Is it the second?
Disputed in what sense? There are certainly more cases and discussion and debate regarding the first; though no one is saying we should repeal it.
FWIW, I nominate the 17th as the amendment that should be disputed.
I would say the Fourteenth Amendment. It’s the one by which the Supreme Court has gradually extended the application of almost all of the Bill of Rights to the states, and has also been the basis for equal protection analysis against the actions of the states. Lots of debate about whether the interpretation goes beyond what the drafters of the Amendment intended.
By contrast, although there is considerable heat and fury around the Second Amendment, by its nature it doesn’t affect a lot of people in real life, as indicated by the relative scarcity of the cases considering it, compared to the other amendments.
As for the First Amendment, there’s no doubt that it generates a great deal of controversial decisions, for example around school prayer, displays of religious symbols on muncipal property at Christmas time, and so on. However, if the Fourteenth Amendment didn’t exist, the First Amendment wouldn’t apply to municipalities/public schools/state governments, so those First Amendment claims wouldn’t even exist. But for the Fourteenth, the First would only apply to the federal government, and for example, Judge Roy Moore of Alabama could have displayed the Ten Commandments in a state courthouse without violating the federal Constitution. (Whether the display would have infringed the state constitution is a separate question.)
The Tenth Amendment doesn’t seem to get much respect these days, but I don’t know if it is ‘disputed’ so much as ‘flat-out ignored’.
I think the lleast diputed would have to be the third. You just don’t hear about very many quartering controversies any more.
John MacMullin seems to think the 17th Amendment is responsible for the dreaded Big Government, and repealing it would result in more decentralized power.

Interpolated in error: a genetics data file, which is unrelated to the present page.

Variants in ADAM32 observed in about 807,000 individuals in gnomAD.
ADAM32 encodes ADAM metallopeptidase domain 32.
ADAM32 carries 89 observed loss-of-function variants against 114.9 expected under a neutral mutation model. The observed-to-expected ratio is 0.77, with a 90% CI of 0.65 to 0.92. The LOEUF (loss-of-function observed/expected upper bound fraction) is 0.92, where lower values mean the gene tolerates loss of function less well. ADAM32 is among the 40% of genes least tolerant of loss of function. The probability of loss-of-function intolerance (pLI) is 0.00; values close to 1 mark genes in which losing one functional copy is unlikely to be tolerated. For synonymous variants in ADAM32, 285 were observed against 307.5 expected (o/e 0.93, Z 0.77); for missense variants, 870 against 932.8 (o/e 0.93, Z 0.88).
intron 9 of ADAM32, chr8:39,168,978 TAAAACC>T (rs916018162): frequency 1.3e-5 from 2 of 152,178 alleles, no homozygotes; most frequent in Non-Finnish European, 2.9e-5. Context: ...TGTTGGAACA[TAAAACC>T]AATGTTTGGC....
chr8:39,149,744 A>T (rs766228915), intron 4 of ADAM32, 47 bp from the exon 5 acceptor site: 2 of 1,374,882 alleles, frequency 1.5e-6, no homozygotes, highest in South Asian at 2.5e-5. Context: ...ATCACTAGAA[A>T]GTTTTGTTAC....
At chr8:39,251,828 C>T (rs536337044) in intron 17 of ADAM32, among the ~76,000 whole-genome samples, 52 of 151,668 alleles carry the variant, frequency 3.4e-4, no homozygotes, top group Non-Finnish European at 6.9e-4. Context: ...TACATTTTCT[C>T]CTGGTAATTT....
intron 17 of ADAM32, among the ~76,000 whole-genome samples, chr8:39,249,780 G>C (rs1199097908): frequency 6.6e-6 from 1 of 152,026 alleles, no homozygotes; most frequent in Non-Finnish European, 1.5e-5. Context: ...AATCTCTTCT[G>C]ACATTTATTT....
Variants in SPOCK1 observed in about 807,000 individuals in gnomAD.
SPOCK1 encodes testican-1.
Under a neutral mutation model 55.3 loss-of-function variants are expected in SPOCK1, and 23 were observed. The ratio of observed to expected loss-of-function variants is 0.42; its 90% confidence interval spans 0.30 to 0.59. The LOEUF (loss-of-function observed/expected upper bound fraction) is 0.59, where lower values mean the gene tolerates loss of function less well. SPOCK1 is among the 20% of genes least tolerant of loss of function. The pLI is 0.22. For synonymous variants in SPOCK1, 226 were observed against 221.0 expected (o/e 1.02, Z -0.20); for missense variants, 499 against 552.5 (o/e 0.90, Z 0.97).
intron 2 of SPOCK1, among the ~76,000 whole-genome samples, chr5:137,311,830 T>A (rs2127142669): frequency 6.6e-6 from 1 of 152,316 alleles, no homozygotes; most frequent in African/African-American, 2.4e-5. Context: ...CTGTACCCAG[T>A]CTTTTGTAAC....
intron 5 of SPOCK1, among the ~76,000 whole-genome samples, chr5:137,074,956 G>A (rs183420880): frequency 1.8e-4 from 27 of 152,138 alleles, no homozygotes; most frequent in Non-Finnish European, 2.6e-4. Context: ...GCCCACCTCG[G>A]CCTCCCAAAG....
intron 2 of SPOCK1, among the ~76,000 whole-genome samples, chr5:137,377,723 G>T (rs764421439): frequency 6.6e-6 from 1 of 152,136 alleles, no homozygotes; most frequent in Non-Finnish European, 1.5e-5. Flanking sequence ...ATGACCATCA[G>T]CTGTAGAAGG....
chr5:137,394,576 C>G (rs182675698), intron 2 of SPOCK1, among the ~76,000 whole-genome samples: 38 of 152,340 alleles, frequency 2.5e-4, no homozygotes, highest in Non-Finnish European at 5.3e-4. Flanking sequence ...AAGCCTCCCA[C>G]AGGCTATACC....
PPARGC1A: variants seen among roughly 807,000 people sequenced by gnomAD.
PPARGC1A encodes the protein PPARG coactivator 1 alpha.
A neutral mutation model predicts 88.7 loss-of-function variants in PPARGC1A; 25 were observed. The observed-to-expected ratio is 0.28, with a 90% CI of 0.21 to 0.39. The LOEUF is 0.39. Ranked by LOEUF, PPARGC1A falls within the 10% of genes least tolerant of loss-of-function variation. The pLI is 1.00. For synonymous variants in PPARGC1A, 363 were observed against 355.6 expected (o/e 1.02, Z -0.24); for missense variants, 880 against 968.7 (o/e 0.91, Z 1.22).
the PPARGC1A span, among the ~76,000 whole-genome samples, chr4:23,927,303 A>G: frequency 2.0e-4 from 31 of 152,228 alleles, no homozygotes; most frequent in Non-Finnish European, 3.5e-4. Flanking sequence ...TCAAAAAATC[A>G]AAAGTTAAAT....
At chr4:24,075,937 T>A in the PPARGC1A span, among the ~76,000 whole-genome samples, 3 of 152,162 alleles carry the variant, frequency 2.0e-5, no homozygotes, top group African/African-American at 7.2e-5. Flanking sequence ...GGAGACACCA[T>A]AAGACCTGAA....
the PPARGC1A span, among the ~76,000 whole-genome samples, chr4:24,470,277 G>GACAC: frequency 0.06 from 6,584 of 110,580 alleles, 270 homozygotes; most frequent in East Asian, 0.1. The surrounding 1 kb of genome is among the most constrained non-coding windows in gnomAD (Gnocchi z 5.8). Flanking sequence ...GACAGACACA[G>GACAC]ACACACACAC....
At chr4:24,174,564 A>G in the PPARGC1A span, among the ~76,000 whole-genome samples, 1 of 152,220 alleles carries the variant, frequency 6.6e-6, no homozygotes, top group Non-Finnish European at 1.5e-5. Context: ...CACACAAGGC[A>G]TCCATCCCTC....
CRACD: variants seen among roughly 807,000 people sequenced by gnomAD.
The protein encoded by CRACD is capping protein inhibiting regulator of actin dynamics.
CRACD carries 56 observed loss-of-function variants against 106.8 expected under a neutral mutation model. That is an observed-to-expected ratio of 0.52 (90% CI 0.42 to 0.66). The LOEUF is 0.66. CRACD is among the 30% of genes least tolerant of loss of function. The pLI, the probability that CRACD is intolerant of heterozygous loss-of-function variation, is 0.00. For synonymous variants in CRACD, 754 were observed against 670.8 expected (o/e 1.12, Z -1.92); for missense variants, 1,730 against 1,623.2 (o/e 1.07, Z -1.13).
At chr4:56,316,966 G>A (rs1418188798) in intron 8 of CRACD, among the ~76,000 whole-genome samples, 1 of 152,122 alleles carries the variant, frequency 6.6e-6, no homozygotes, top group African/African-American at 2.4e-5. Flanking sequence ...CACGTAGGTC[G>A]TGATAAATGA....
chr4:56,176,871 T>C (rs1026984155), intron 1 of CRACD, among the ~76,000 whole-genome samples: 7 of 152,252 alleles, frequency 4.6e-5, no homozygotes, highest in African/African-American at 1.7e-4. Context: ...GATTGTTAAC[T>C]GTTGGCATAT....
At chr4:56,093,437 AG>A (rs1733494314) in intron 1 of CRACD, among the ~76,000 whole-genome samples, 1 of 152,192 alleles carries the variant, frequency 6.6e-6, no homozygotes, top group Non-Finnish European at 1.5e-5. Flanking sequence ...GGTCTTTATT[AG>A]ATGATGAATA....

I nominate the Eighteenth Amendment. It was the only one to be repealed.
Perhaps the 28th?
And why, exactly, do we need more decentralized power?
Huh. I’ve never heard that one before. And frankly, I must say it’s kind of ridiculous. It’s one thing to say that the federal government has too much power, and that more powers should be reserved for the states. But how the hell is having U.S. Senators appointed by state legislatures rather than by the people going to fix that? The people elect the members of the state legislature. All repealing the 17th amendment would do is to add back in the middle man. It’s not taking power away from the federal government, it’s taking power away from the people! I fail to see how that benefits anyone.
Also, the argument that it would solve the issue of campaign finance reform by eliminating campaigns is just plain silly. Why not just scrap democracy completely then? Eliminating the problems with elections by no longer holding elections at all is not a reasonable solution.
Better still we should abolish the Senate entirely and devolve all its powers and functions on the House of Representatives. The Senate is a relic of an 18th-Century political compromise with no value or relevance in contemporary America.
Frankly I quite like the senate. I have no preference whether they are elected by the people or by proxies i.e. the state legislature.
What’s to like about it? What’s it good for?
It’s good for stopping things. It tends to be less partisan and more “gentlemanly” than the House. (For a few reasons. The terms are longer, so reelection becomes less of a concern. Also, it’s smaller, so there are stronger personal relationships between the senators. And, since senators have to be elected by their entire state, while that’s often not true in the House, that sort of pushes them to the middle) Also, the unlimited debate and filibuster possibility mean that it’s a lot easier to bury a bill that doesn’t have at least some bipartisan support.
So, I don’t think the Senate is just a useless relic. It’s a moderating force.
It’s good for stopping things.QUOTE]
Bear in mind that whatever makes it more difficult to enact legislation also makes it more difficult to repeal legislation.
If you wanted reduce the power & size of the federal government, you would want to repeal the 16th Amendment, not the 17th. Without the income tax, the Fed would have a lot less money to do anything with.
Yes, but that’s not necessarily a bad thing either. After all, there are some laws that we’re better off not repealing.
I agree with Captain Amazing’s view that the Senate is useful as a moderating force. I personally fail safer with the Congress working a little too slowly and with a little too much gridlock than I would if it worked too quickly and hastily.
feel safer, rather.
Nope. Do you honestly think if the 50 States were completely autonomous today and decided to form a Federation or Union that it would NOT require something like the Senate to make it happen? You think you’d get RI or ND or AL to join a union with CA on a strictly proportional representation model? No way in a million years. You simply cannot expect sovereign states to join into a larger whole without preserving some aspects of their sovereignty. Not in the 18th century, nor in the 21st.